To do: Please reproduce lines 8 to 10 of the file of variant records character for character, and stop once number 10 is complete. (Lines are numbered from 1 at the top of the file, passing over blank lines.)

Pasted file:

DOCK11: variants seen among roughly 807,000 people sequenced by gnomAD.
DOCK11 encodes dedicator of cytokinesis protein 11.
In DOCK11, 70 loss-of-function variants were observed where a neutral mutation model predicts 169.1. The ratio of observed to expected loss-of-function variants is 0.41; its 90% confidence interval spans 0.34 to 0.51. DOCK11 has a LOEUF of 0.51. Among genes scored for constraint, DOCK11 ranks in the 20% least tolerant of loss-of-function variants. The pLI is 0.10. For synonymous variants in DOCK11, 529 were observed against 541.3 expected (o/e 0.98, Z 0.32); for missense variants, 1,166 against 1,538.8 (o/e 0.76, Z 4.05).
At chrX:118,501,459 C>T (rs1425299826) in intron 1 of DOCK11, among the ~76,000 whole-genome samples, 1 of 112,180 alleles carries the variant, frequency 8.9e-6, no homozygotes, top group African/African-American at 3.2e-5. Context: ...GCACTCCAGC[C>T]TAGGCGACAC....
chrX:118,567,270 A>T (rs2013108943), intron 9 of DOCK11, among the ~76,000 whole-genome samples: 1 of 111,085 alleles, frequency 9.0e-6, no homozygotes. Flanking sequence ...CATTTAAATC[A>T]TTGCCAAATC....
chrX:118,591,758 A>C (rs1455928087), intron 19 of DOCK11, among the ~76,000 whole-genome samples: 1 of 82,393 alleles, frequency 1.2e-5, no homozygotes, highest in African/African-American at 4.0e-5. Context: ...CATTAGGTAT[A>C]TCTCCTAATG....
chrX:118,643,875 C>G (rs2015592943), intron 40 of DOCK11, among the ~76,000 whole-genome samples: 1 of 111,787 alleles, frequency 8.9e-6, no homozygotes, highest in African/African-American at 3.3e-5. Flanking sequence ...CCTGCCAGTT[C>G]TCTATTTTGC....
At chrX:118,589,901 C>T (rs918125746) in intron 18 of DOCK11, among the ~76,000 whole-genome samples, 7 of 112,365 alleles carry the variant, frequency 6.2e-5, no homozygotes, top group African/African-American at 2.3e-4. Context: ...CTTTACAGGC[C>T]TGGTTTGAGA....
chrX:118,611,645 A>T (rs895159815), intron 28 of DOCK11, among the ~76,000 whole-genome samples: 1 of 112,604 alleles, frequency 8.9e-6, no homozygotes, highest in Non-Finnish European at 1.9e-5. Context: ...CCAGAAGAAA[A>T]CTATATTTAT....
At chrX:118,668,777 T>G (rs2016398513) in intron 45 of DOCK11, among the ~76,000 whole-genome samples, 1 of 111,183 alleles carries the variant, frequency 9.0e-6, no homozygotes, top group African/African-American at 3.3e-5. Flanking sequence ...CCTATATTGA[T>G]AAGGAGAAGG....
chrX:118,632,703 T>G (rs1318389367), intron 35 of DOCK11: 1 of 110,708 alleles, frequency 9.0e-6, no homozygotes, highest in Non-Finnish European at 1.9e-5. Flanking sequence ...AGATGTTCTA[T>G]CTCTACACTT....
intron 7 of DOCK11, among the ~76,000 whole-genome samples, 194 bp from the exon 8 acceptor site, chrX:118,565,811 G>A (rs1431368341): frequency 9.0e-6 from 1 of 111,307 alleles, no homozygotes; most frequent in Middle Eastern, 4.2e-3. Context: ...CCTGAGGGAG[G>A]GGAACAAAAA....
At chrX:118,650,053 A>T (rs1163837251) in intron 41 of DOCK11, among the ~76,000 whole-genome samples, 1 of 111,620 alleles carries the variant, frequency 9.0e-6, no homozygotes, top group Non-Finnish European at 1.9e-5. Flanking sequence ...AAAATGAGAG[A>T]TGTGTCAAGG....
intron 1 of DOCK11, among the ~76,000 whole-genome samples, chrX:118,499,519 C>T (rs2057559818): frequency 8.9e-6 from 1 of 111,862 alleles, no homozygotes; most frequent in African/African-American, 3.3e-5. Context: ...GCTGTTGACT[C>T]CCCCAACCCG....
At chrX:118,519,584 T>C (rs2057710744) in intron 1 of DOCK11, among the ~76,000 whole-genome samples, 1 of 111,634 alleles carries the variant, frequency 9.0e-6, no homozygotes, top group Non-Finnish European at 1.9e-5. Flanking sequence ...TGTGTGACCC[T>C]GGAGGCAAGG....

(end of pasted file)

At chrX:118,589,901 C>T (rs918125746) in intron 18 of DOCK11, among the ~76,000 whole-genome samples, 7 of 112,365 alleles carry the variant, frequency 6.2e-5, no homozygotes, top group African/African-American at 2.3e-4. Context: ...CTTTACAGGC[C>T]TGGTTTGAGA....
chrX:118,611,645 A>T (rs895159815), intron 28 of DOCK11, among the ~76,000 whole-genome samples: 1 of 112,604 alleles, frequency 8.9e-6, no homozygotes, highest in Non-Finnish European at 1.9e-5. Context: ...CCAGAAGAAA[A>T]CTATATTTAT....
At chrX:118,668,777 T>G (rs2016398513) in intron 45 of DOCK11, among the ~76,000 whole-genome samples, 1 of 111,183 alleles carries the variant, frequency 9.0e-6, no homozygotes, top group African/African-American at 3.3e-5. Flanking sequence ...CCTATATTGA[T>G]AAGGAGAAGG....